The Science Behind Spring Cleaning
When the weather starts to warm, there is something instinctive in all of us...the desire to spring clean.
I'm sure we all remember our parents tackling the mammoth annual cleaning project. Beds and appliances pulled out from the walls to reveal a year's worth of dust bunnies and maybe even a treasure. Cupboards emptied then refilled. Rugs draped over the back fence.
With Marie Kondo's Netflix series renewing our desires to declutter and inspiring our own cleaning journey, spring cleaning has become a thing again. But is it JUST the idea of a perfect Marie Kondo-ed home that gives us the compulsion to start anew? This impulse is a phenomenon experienced around the world by many different cultures, seemingly without any discernible connections.
Before we get to the science, let's look at the origins.
The Chinese people have a long-standing (read centuries) tradition associated with their New Year which involves sweeping and leaning their homes of misfortune and prepare for the year ahead. It symbolizes a new beginning, a chance to clear away not only physical clutter but a cleansing of the mind of any regrets and mistakes. This is done prior to the New Year...once it has arrived no one cleans for three days to prevent the sweeping out of good luck.
In Jewish culture, Passover (which falls in the spring) is one of the most important holidays and is preceded by a complete and thorough cleaning of the home. During the holiday, Jewish people eat unleavened bread called Matzah...a thorough cleaning of the home is performed to ensure that no food or drink made with yeast, even the smallest crumb, remains in the household.
Catholic and Greek Orthodox religions both have traditional cleaning rituals in the spring. According to ancient rituals, the three days after Palm Sunday are dedicated to cleaning and the whole family gets involved in the chores. They are aiming to have an immaculate home free of clutter by Wednesday and the most important feast of the Catholic year, Easter. Even Lent, the 40 days of abstinence leading up to Easter, can be seen as spring cleaning for the soul.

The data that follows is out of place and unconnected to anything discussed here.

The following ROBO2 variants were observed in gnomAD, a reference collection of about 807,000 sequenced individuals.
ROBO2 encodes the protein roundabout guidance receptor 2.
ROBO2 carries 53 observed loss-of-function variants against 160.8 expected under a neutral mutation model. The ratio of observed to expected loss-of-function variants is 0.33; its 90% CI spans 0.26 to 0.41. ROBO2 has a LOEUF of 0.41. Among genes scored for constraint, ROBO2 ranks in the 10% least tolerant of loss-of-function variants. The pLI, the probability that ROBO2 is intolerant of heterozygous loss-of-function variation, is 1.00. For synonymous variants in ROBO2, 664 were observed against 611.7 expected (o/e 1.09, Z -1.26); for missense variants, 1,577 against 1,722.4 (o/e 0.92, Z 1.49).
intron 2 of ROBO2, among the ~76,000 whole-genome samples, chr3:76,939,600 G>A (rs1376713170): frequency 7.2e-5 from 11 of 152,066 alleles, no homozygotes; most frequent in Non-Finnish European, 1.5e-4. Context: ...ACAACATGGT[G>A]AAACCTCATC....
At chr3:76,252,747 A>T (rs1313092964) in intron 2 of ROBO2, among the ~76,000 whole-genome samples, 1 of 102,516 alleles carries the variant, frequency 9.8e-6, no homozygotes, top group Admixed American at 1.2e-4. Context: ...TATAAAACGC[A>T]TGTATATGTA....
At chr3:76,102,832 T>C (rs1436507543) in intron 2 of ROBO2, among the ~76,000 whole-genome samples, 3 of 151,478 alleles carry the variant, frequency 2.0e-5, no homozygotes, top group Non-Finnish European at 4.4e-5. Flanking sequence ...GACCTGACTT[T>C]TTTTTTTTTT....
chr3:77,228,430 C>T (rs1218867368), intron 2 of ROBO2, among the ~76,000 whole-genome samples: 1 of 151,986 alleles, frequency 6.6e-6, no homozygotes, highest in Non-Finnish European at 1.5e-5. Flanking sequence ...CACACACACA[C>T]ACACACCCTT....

So now, the science.
Our pineal gland, a tiny endocrine gland buried deep in our brains, is responsible for the production of melatonin which causes sleepiness in humans. The gland responds to darkness, increasing its production in winter and reducing its output in summer so we actually do experience and "awakening" with the longer days of spring.
This boost of energy spurs us to naturally rise earlier and carry out the jobs that have been neglected over the winter months. Also, with more daylight the dust and dirt that has gathered in the relative darkness is more visible. In the days of our grandparents, when homes were heated with coal and wood fires, walls and floors became covered in soot so I'm sure it would have been a wonderful relief to be able to open the windows and scrub the place down. You couldn't do that in winter because you'd be letting the valuable heat out.
Scientifically it makes sense to clean our homes as the weather is getting warmer because the rising temperature promotes the growth of mold and bacteria so to prevent infection and disease a good scouring was, and still is, vital.
Fortunately we have it much easier than our forefathers and with the help of modern appliances, jobs that could have only reasonably been done once a year in warmer weather can now of course be done at any time and the term "spring cleaning" is just a turn of phrase. I for one am certainly grateful to love in an era where dust, dirt and grime can be vacuumed, machine-washed and tumble-dried.
But if you're really not into the idea of spring cleaning, just tell people you're following the Joan Rivers Cleaning Method: "I hate housework. You make the beds, you wash the dishes, and six months later you have to start all over again."